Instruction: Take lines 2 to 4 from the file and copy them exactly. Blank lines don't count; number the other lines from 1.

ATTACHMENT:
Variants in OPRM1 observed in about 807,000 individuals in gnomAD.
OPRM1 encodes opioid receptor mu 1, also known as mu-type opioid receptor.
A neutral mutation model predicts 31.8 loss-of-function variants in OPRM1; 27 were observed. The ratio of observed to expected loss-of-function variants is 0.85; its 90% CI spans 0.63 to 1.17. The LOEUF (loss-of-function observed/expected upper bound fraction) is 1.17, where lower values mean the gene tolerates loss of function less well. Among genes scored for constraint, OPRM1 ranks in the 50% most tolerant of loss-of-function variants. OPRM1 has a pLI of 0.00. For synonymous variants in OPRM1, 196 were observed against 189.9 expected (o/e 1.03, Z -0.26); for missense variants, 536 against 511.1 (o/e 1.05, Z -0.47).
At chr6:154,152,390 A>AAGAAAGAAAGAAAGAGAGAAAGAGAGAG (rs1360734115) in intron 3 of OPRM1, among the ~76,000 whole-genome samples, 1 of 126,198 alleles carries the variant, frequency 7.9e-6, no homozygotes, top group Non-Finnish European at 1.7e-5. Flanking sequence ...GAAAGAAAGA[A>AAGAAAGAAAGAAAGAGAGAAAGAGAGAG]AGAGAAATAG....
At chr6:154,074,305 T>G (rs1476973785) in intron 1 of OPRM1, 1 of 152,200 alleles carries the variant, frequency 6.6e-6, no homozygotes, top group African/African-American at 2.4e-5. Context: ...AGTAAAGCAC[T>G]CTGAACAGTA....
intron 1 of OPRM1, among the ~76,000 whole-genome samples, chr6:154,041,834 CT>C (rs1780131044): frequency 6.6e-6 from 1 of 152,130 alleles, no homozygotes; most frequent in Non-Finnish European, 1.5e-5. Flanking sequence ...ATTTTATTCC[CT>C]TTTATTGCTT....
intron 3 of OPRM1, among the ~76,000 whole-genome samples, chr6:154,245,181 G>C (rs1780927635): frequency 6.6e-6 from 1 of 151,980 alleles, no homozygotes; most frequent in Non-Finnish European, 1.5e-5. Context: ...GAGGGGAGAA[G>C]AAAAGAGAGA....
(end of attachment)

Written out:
OPRM1 encodes opioid receptor mu 1, also known as mu-type opioid receptor.
A neutral mutation model predicts 31.8 loss-of-function variants in OPRM1; 27 were observed. The ratio of observed to expected loss-of-function variants is 0.85; its 90% CI spans 0.63 to 1.17. The LOEUF (loss-of-function observed/expected upper bound fraction) is 1.17, where lower values mean the gene tolerates loss of function less well. Among genes scored for constraint, OPRM1 ranks in the 50% most tolerant of loss-of-function variants. OPRM1 has a pLI of 0.00. For synonymous variants in OPRM1, 196 were observed against 189.9 expected (o/e 1.03, Z -0.26); for missense variants, 536 against 511.1 (o/e 1.05, Z -0.47).
At chr6:154,152,390 A>AAGAAAGAAAGAAAGAGAGAAAGAGAGAG (rs1360734115) in intron 3 of OPRM1, among the ~76,000 whole-genome samples, 1 of 126,198 alleles carries the variant, frequency 7.9e-6, no homozygotes, top group Non-Finnish European at 1.7e-5. Flanking sequence ...GAAAGAAAGA[A>AAGAAAGAAAGAAAGAGAGAAAGAGAGAG]AGAGAAATAG....